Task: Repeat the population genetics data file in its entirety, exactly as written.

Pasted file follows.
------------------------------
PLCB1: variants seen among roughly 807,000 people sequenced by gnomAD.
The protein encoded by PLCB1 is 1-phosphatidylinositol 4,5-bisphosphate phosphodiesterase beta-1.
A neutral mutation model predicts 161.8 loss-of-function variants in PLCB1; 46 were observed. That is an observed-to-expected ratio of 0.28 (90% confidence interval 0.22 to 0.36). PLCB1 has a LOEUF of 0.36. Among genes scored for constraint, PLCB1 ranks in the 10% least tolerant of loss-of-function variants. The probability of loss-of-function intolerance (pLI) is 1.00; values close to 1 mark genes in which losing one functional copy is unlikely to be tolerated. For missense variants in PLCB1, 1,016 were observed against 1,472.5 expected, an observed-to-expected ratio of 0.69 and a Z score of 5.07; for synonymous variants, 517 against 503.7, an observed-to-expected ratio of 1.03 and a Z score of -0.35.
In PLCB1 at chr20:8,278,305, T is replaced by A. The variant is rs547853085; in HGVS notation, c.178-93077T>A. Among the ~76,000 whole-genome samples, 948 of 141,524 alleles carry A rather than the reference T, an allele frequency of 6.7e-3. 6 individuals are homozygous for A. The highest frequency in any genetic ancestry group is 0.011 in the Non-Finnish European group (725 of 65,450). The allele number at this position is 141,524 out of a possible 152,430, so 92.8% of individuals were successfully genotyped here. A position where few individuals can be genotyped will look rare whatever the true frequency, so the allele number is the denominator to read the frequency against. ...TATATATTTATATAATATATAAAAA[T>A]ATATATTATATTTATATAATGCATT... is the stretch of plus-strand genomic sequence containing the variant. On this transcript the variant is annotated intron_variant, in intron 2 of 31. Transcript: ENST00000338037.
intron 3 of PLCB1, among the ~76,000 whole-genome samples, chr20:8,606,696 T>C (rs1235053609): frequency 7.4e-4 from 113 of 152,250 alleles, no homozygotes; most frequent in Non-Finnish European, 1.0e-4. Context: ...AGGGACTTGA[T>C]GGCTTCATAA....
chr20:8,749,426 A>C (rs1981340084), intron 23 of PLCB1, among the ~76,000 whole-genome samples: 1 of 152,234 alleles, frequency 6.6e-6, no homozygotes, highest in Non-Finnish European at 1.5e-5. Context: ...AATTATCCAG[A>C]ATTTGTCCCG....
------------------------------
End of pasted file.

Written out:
PLCB1: variants seen among roughly 807,000 people sequenced by gnomAD.
The protein encoded by PLCB1 is 1-phosphatidylinositol 4,5-bisphosphate phosphodiesterase beta-1.
A neutral mutation model predicts 161.8 loss-of-function variants in PLCB1; 46 were observed. That is an observed-to-expected ratio of 0.28 (90% confidence interval 0.22 to 0.36). PLCB1 has a LOEUF of 0.36. Among genes scored for constraint, PLCB1 ranks in the 10% least tolerant of loss-of-function variants. The probability of loss-of-function intolerance (pLI) is 1.00; values close to 1 mark genes in which losing one functional copy is unlikely to be tolerated. For missense variants in PLCB1, 1,016 were observed against 1,472.5 expected, an observed-to-expected ratio of 0.69 and a Z score of 5.07; for synonymous variants, 517 against 503.7, an observed-to-expected ratio of 1.03 and a Z score of -0.35.
In PLCB1 at chr20:8,278,305, T is replaced by A. The variant is rs547853085; in HGVS notation, c.178-93077T>A. Among the ~76,000 whole-genome samples, 948 of 141,524 alleles carry A rather than the reference T, an allele frequency of 6.7e-3. 6 individuals are homozygous for A. The highest frequency in any genetic ancestry group is 0.011 in the Non-Finnish European group (725 of 65,450). The allele number at this position is 141,524 out of a possible 152,430, so 92.8% of individuals were successfully genotyped here. A position where few individuals can be genotyped will look rare whatever the true frequency, so the allele number is the denominator to read the frequency against. ...TATATATTTATATAATATATAAAAA[T>A]ATATATTATATTTATATAATGCATT... is the stretch of plus-strand genomic sequence containing the variant. On this transcript the variant is annotated intron_variant, in intron 2 of 31. Transcript: ENST00000338037.
intron 3 of PLCB1, among the ~76,000 whole-genome samples, chr20:8,606,696 T>C (rs1235053609): frequency 7.4e-4 from 113 of 152,250 alleles, no homozygotes; most frequent in Non-Finnish European, 1.0e-4. Context: ...AGGGACTTGA[T>C]GGCTTCATAA....
chr20:8,749,426 A>C (rs1981340084), intron 23 of PLCB1, among the ~76,000 whole-genome samples: 1 of 152,234 alleles, frequency 6.6e-6, no homozygotes, highest in Non-Finnish European at 1.5e-5. Context: ...AATTATCCAG[A>C]ATTTGTCCCG....